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  1. #1
    Join Date
    Jul 2011
    Posts
    2

    Cool Flame Stopping Stain Additives

    We're looking for a flame-stopping additive to mix in with oil-based stain so we can stain our church building, which has cedar clapboard siding. We have the stain, but can't find the additive. Suggestions?? Pilamiyaye! / thanks!

  2. #2
    Join Date
    Sep 2008
    Location
    Fargo, ND
    Posts
    143

    Default Re: Flame Stopping Stain Additives

    Are you SERIOUS?!?

    ...it's called a sprinkler system!

    Faron

  3. #3
    Join Date
    Aug 2007
    Location
    Portland, Oregon, formerly of Chicago
    Posts
    1,808

    Default Re: Flame Stopping Stain Additives

    There are flame retardant paints, but I have never heard of an additive which retards flame in stains, especially oil stains.

  4. #4
    Join Date
    Mar 2008
    Location
    nova scotia, canada
    Posts
    1,522

    Default Re: Flame Stopping Stain Additives

    check with a paint supplier that deals specifically to contractors
    fire up the saw and make some dust

  5. #5
    Join Date
    Jun 2011
    Posts
    208

    Default Re: Flame Stopping Stain Additives

    Tiwakan:

    My understanding suggests to me that the additive you're looking for is called alumina trihydrate, and it's available from Huber Engineered Materials:

    http://www.hubermaterials.com

    That same chemical goes by many names, including: Aluminum hydrate; Aluminum trihydrate; Aluminum (III) hydroxide; Amorphous alumina and Trihydroxyaluminum. It is a highly transparent white powder:



    By "highly transparent white powder", I mean that alumina trihydrate is a highly transparent material (like ice or salt), but becomes opaque as a powder only because of the scattering of light by reflection and refraction at each solid/air interface when it's in the form of a powder. So, just in the same way that water is transparent, but clowds are opaque, alumina trihydrate is transparent, but when ground into a powder, it becomes opaque only because of the scattering of light. Just like salt.

    It has a chemical structure like this:



    Essentially, it's three water molecules loosely bonded to a central aluminum atom. And, because of that chemical make up, it works exactly the same way as gypsum (CaSO4-2H2O) in drywall. That is, in the event of a fire, the bound up water (H2O) molecules in the gypsum are driven out of the drywall in the form of steam, thereby keeping the temperature of the drywall core (and everything behind it) at 100 degrees Celsius until the entire gypsum core of the drywall is reduced to calcium sulfate, which is a white powder. It's only when there's no more bound up H2O in the gypsum that the wooden wall studs are exposed to the full temperature of the fire and begin to burn. In this way, drywall is effective in preventing the rapid spread of fire inside a house, giving the occupants more time to escape.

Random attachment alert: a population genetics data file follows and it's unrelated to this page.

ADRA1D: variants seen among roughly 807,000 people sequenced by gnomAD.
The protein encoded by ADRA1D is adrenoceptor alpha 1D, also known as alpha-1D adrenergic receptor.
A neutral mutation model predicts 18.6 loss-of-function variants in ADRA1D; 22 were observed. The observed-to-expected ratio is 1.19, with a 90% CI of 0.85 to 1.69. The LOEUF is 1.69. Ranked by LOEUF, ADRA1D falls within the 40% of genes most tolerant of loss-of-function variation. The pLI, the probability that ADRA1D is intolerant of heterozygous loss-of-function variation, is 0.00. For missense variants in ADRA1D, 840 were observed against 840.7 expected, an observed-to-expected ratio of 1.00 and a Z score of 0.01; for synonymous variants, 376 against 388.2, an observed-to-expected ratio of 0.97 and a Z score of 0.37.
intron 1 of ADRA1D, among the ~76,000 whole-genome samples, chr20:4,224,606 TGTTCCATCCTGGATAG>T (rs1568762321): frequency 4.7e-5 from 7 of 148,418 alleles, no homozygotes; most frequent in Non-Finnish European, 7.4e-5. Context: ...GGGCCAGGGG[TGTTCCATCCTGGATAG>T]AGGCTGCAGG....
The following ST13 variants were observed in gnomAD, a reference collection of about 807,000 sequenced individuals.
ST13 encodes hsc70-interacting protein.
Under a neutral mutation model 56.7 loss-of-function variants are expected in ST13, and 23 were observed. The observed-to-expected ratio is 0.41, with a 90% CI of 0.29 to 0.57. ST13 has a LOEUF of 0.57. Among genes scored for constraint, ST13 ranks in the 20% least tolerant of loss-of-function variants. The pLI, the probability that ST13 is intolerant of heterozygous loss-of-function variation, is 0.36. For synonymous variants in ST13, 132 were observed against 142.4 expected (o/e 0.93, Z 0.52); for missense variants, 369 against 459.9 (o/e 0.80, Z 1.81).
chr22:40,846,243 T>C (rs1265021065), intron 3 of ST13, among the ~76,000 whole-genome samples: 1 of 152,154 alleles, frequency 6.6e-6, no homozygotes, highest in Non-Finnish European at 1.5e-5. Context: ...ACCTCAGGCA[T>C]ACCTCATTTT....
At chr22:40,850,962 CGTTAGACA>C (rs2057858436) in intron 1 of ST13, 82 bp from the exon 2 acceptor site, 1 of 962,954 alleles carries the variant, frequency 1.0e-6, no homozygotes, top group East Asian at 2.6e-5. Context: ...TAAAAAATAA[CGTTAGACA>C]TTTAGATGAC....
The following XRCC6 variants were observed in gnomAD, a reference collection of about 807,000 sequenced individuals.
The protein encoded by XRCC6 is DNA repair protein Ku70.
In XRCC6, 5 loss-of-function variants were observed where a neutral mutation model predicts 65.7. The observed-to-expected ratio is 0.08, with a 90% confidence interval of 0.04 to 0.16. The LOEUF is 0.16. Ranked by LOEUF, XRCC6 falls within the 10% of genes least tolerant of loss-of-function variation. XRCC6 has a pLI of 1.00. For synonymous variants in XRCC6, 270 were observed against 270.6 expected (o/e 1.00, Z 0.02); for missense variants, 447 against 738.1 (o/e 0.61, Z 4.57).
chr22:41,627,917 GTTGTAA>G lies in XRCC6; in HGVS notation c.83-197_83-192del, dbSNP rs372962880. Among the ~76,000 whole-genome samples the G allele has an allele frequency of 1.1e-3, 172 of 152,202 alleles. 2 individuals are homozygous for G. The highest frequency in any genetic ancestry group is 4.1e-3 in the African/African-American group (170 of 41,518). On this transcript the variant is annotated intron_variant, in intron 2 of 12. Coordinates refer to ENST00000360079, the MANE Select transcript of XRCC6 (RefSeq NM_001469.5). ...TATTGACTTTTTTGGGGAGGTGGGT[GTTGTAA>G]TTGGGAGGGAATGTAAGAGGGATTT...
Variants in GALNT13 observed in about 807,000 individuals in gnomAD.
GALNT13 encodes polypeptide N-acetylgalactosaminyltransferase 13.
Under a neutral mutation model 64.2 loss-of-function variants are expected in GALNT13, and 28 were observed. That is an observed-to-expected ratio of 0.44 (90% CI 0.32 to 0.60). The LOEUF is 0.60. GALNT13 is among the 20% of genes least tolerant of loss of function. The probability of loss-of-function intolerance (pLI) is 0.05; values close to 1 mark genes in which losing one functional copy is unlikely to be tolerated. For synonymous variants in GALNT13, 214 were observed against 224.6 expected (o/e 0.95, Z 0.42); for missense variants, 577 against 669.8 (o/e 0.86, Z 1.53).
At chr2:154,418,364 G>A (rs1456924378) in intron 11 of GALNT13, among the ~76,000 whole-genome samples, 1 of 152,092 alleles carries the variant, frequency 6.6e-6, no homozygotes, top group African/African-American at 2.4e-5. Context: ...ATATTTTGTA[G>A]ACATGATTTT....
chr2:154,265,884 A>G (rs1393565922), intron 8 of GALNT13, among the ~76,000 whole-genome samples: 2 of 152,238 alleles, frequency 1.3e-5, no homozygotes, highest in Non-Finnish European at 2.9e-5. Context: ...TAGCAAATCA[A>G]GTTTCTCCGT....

A good analogy is that of a boiling pot of water. No matter how hot the heating element under the pot gets, the water will never get hotter than 100 deg. Celsius. The hotter the heating element, the faster the water will boil, but it'll never boil hotter than 100 deg. C. Since wood has a kindling temperature of 300 deg. C., the wood studs in the walls won't start to burn until all the water in the gypsum drywall has been converted into steam. So, the additional time it takes for the water in gypsum to boil off translates directly into addition time that the occupants of the house have to escape.

    Alumina trihydrate works exactly the same way. In the event of a fire, the wood under the paint containing alumina trihydrate won't get any hotter than 100 deg. C until all of the bound up water in the alumina trihydrate is driven off. However, keep in mind that gypsum drywall is 1/2 inch thick, whereas the film thickness of your stain is gonna be a few hundredths of an inch. In that case, the effect of the alumina trihydrate on the rate of fire spread is likely to be minimal because of the very thin film of protection covering the wood. In order to make a significant difference in the rate of fire spread, you'd need to mix alumina trihydrate into your oil based stain until it was thick as porridge, and then spread it onto your cedar siding with a trowel instead of a paint brush.

    Hope this helps.

    PS: You don't need to know the rest...

    Alumina trihydrate is the difference between Plexiglas and Corian (fake marble). Corian is made by mixing alumina trihydrate into acrylic resin and casting that slurry into slabs (with built in bathroom sinks). The result is a white-ish coloured slab that looks very similar to white marble.

    From Huber's web site:
    Last edited by Nestor; 07-14-2011 at 03:19 AM.

  6. #6
    Join Date
    Dec 2007
    Location
    Tennessee
    Posts
    1,778

    Default Re: Flame Stopping Stain Additives

    You should consider treating the siding with a sodium borate solution. Sodium borates are used as a fire retardant in cellulose. Cellulose is shredded newspaper. In addition to acting as a fire retardant, it also repels or kills insects and borers, including Formosan Termites and Carpenter Ants. It also stops and prevents mold, mildew and rot.

    One solution you might use is called Timbor. You can mix it with water or an antifreeze/water solution and apply with a garden sprayer. You can also mix your own by mixing 2 parts boric acid with 3 parts 20 mule team borax. Boric acid is sold as a roach killer.

    You mix about 2.5 to 3 lbs. of powder to a gallon of water. The hotter the water, the easier it mixes. The downside to this stuff is that it is water soluble, but you are staining the wood after with an oil based stain.

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